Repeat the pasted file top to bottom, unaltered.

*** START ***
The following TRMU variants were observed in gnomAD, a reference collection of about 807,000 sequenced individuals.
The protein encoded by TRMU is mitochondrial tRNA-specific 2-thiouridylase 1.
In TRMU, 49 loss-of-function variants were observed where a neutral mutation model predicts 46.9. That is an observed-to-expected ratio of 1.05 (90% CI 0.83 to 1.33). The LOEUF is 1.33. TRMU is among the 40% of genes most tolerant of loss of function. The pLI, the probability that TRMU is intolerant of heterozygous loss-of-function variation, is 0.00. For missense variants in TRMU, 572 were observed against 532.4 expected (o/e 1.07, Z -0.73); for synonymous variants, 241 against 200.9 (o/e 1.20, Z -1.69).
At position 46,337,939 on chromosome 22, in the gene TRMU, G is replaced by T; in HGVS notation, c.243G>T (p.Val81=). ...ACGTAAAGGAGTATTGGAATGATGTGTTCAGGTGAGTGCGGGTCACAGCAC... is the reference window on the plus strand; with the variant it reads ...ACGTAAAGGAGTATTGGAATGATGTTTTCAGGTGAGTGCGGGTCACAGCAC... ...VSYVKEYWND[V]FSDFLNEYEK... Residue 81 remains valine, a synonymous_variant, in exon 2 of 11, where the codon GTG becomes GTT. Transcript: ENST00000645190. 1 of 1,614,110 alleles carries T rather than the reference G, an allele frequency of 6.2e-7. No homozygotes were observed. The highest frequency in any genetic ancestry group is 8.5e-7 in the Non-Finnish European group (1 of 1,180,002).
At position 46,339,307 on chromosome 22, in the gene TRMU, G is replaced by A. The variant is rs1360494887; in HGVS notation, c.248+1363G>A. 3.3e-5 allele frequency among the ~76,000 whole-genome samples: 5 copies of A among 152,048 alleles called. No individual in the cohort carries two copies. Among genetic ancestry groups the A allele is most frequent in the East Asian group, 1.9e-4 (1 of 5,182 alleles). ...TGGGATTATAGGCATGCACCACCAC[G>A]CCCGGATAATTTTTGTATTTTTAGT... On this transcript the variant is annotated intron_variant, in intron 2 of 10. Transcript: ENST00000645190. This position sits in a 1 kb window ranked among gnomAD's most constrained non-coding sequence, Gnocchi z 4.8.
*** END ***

The following TRMU variants were observed in gnomAD, a reference collection of about 807,000 sequenced individuals.
The protein encoded by TRMU is mitochondrial tRNA-specific 2-thiouridylase 1.
In TRMU, 49 loss-of-function variants were observed where a neutral mutation model predicts 46.9. That is an observed-to-expected ratio of 1.05 (90% CI 0.83 to 1.33). The LOEUF is 1.33. TRMU is among the 40% of genes most tolerant of loss of function. The pLI, the probability that TRMU is intolerant of heterozygous loss-of-function variation, is 0.00. For missense variants in TRMU, 572 were observed against 532.4 expected (o/e 1.07, Z -0.73); for synonymous variants, 241 against 200.9 (o/e 1.20, Z -1.69).
At position 46,337,939 on chromosome 22, in the gene TRMU, G is replaced by T; in HGVS notation, c.243G>T (p.Val81=). ...ACGTAAAGGAGTATTGGAATGATGTGTTCAGGTGAGTGCGGGTCACAGCAC... is the reference window on the plus strand; with the variant it reads ...ACGTAAAGGAGTATTGGAATGATGTTTTCAGGTGAGTGCGGGTCACAGCAC... ...VSYVKEYWND[V]FSDFLNEYEK... Residue 81 remains valine, a synonymous_variant, in exon 2 of 11, where the codon GTG becomes GTT. Transcript: ENST00000645190. 1 of 1,614,110 alleles carries T rather than the reference G, an allele frequency of 6.2e-7. No homozygotes were observed. The highest frequency in any genetic ancestry group is 8.5e-7 in the Non-Finnish European group (1 of 1,180,002).
At position 46,339,307 on chromosome 22, in the gene TRMU, G is replaced by A. The variant is rs1360494887; in HGVS notation, c.248+1363G>A. 3.3e-5 allele frequency among the ~76,000 whole-genome samples: 5 copies of A among 152,048 alleles called. No individual in the cohort carries two copies. Among genetic ancestry groups the A allele is most frequent in the East Asian group, 1.9e-4 (1 of 5,182 alleles). ...TGGGATTATAGGCATGCACCACCAC[G>A]CCCGGATAATTTTTGTATTTTTAGT... On this transcript the variant is annotated intron_variant, in intron 2 of 10. Transcript: ENST00000645190. This position sits in a 1 kb window ranked among gnomAD's most constrained non-coding sequence, Gnocchi z 4.8.